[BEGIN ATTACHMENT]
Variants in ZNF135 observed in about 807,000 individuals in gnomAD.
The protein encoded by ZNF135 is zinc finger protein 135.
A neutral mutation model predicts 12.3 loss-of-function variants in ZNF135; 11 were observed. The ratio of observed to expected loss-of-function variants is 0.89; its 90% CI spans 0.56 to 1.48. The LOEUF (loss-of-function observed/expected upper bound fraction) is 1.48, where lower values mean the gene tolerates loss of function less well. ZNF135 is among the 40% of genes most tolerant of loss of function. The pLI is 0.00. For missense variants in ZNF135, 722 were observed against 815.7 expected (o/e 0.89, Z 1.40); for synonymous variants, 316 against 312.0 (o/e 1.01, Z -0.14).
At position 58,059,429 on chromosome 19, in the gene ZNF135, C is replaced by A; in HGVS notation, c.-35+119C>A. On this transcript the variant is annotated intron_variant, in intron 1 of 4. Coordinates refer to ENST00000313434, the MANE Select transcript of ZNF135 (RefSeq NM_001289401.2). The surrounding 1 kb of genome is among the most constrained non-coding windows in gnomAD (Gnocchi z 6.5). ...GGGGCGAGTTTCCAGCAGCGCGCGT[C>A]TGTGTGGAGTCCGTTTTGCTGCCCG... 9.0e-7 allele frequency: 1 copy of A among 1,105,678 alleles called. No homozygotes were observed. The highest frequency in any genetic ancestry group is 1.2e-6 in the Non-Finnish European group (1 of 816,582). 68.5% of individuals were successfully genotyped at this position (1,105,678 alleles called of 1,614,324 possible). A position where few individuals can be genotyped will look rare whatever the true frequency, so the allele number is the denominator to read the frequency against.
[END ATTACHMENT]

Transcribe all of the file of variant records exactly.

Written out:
Variants in ZNF135 observed in about 807,000 individuals in gnomAD.
The protein encoded by ZNF135 is zinc finger protein 135.
A neutral mutation model predicts 12.3 loss-of-function variants in ZNF135; 11 were observed. The ratio of observed to expected loss-of-function variants is 0.89; its 90% CI spans 0.56 to 1.48. The LOEUF (loss-of-function observed/expected upper bound fraction) is 1.48, where lower values mean the gene tolerates loss of function less well. ZNF135 is among the 40% of genes most tolerant of loss of function. The pLI is 0.00. For missense variants in ZNF135, 722 were observed against 815.7 expected (o/e 0.89, Z 1.40); for synonymous variants, 316 against 312.0 (o/e 1.01, Z -0.14).
At position 58,059,429 on chromosome 19, in the gene ZNF135, C is replaced by A; in HGVS notation, c.-35+119C>A. On this transcript the variant is annotated intron_variant, in intron 1 of 4. Coordinates refer to ENST00000313434, the MANE Select transcript of ZNF135 (RefSeq NM_001289401.2). The surrounding 1 kb of genome is among the most constrained non-coding windows in gnomAD (Gnocchi z 6.5). ...GGGGCGAGTTTCCAGCAGCGCGCGT[C>A]TGTGTGGAGTCCGTTTTGCTGCCCG... 9.0e-7 allele frequency: 1 copy of A among 1,105,678 alleles called. No homozygotes were observed. The highest frequency in any genetic ancestry group is 1.2e-6 in the Non-Finnish European group (1 of 816,582). 68.5% of individuals were successfully genotyped at this position (1,105,678 alleles called of 1,614,324 possible). A position where few individuals can be genotyped will look rare whatever the true frequency, so the allele number is the denominator to read the frequency against.